Troubled investment firm TransCentury has been given a lifeline after the capital markets regulator allowed it to release its full year results for 2019 by December 30, 2020.
The Capital Markets Authority (CMA) also extended the release of results for the six months period ended June 30, 2020.
Bugged by cash deficiencies, the firm has been unable to release its financial results. It also delayed an Extraordinary General Meeting (EGM) set for end of July 2020, with more information on fundraising now set to be tabled during the Annual General Meeting (AGM).
During the AGM, the firm will table, among others, fundraising and necessary resolutions along that line, and delisting from Nairobi Securities Exchange (NSE) for shareholder negotiation and approval.
The firm is now focusing on fundraising and is negotiating a transaction that will boost its liquidity as it seeks long-term growth and profitability.
In a statement released on Saturday, TransCentury said it had negotiated with, and received an approval from the CMA to file and publish its results by year end, giving it much needed breathing space.
Started in 1997 and growing to boast three operating divisions across 14 markets in East, Central and Southern Africa, TransCentury hit the headlines in 2016 when it almost defaulted on a Sh8 billion in bond repayments.
It was rescued by American private equity firm Kuramo Capital, with a capital injection of $20 million (Sh2 billion) for a 25 per cent stake.
This was a debt-equity swap with lenders as the Sh8 billion five-year convertible bond was maturing with little wiggle room to honour the debt, forcing the firm into the inevitable.
The company sold an undisclosed stake to Kuramo Capital Management LLC, leading to a boardroom shakeup that saw the ouster of its founding directors.
And after years of trading at the NSE, TransCentury will now delist as it seeks new strategies to reverse dwindling fortunes.
“The recommendation is in line with the ongoing strategic initiatives anchored on delivery of commercial opportunities, debt profiling, fundraising and accelerating execution of emerging opportunities,” said the firm.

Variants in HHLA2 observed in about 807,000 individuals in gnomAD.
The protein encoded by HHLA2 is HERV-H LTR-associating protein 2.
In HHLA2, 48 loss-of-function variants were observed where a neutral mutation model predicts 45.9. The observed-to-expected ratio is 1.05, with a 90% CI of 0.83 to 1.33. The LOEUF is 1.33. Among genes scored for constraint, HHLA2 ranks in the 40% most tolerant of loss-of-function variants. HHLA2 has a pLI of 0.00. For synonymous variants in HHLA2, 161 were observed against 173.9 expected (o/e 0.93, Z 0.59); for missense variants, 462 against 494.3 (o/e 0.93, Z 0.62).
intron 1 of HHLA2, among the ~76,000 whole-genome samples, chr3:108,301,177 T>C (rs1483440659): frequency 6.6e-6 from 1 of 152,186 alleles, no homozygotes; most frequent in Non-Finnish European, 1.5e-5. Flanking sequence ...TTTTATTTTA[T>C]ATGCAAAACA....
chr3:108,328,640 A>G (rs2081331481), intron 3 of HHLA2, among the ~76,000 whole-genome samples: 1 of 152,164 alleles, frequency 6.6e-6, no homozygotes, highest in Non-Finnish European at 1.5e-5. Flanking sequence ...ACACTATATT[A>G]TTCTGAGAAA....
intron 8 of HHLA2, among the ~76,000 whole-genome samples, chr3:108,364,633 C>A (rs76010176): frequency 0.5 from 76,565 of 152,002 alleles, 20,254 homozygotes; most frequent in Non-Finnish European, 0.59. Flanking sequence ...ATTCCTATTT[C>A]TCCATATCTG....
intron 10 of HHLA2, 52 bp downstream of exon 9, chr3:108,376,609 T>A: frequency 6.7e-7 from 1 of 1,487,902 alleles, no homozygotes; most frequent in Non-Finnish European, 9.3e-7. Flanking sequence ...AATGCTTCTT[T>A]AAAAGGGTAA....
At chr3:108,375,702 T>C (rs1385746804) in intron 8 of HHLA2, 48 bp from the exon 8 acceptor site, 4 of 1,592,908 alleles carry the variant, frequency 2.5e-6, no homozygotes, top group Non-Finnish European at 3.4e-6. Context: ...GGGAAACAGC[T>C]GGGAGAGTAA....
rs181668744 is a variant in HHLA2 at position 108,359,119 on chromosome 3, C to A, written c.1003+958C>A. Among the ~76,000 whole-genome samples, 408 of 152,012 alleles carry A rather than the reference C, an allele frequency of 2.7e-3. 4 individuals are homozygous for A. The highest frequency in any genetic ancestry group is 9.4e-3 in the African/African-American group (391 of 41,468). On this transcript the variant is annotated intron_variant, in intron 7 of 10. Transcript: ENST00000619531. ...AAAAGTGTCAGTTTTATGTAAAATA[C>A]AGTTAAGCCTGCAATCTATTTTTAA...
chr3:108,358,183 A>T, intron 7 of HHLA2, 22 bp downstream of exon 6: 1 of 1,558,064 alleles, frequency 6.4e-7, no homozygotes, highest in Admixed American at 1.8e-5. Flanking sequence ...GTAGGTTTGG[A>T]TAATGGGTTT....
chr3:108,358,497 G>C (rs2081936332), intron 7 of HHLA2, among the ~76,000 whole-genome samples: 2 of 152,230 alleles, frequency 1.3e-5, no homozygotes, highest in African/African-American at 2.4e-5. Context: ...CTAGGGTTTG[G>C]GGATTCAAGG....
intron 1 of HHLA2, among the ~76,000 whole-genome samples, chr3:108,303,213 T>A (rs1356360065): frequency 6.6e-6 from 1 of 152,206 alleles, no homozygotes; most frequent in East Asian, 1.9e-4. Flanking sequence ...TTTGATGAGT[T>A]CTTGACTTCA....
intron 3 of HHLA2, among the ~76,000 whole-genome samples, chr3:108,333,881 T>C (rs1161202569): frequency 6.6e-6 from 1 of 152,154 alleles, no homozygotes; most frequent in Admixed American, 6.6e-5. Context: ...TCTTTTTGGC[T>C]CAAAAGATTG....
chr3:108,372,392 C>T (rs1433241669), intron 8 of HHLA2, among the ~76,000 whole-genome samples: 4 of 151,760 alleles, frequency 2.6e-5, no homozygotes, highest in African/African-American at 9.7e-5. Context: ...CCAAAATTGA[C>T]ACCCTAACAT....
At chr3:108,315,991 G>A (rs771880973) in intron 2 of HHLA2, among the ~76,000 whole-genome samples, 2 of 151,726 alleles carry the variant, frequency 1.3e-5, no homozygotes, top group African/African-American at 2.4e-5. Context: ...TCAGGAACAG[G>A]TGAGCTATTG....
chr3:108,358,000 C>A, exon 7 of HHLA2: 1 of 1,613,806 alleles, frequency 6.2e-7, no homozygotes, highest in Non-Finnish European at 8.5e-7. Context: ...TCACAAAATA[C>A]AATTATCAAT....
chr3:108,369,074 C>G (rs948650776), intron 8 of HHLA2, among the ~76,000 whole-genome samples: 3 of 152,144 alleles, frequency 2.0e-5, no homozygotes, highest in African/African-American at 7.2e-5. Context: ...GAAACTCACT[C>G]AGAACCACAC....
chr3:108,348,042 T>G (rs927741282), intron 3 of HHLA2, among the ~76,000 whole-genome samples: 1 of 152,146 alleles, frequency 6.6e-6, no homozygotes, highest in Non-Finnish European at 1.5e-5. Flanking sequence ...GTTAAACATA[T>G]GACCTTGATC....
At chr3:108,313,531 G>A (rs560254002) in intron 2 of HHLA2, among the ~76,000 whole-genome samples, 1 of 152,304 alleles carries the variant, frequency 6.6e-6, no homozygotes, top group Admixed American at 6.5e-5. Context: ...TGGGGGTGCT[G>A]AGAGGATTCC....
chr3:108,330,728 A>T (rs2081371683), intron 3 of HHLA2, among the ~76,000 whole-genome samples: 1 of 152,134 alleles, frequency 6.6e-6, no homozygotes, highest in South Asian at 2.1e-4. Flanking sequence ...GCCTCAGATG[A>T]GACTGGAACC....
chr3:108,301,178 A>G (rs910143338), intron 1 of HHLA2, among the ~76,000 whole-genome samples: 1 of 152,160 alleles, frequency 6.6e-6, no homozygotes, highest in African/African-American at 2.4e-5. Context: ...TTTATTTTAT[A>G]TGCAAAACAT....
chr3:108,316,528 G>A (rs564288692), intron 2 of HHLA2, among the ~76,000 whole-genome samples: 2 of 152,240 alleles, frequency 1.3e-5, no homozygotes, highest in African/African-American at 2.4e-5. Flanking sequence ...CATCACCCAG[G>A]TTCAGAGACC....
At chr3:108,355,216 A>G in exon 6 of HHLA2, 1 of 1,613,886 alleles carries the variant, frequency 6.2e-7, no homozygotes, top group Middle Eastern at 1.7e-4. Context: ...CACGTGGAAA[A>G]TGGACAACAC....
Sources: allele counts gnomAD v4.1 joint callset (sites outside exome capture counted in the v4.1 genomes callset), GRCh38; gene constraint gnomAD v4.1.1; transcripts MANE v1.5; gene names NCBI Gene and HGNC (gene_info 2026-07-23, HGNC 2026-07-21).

The delisting comes on the back of falling revenues that have eroded the firm’s capital base over the years, wiping out billions of shareholder value.
TransCentury floated 375 million shares in 2011 at the introductory price of Sh50 per share, putting the company’s valuation at Sh18.7 billion. Fortunes have since dipped in the recent years.
The firm says the move to delist has also been pushed by depressed liquidity in the capital markets, prompting the search for other capital venues.
“While we have seen liquidity reduce in the capital markets across the region, we have also seen an increase in funding that is available for private or non-listed businesses, especially in the sectors that we focus on and have received interest from potential financiers who would provide capital that is structured in line with our strategic plan,” said TransCentury Group Chief Executive Nganga Njiinu.
The company has been working on a strategy to turn around the business in the last three years, with focus on delivery of a robust and fundable orderbook, debt reprofiling to match cashflows, fundraising and order book execution.
It has managed to reduce their commercial bank debt by 40 per cent and reprofiled 90 per cent of group wide debt. “Our focus now is on the fundraising pillar and the group is in negotiations towards a transaction that will bring in the much needed liquidity,” the firm said.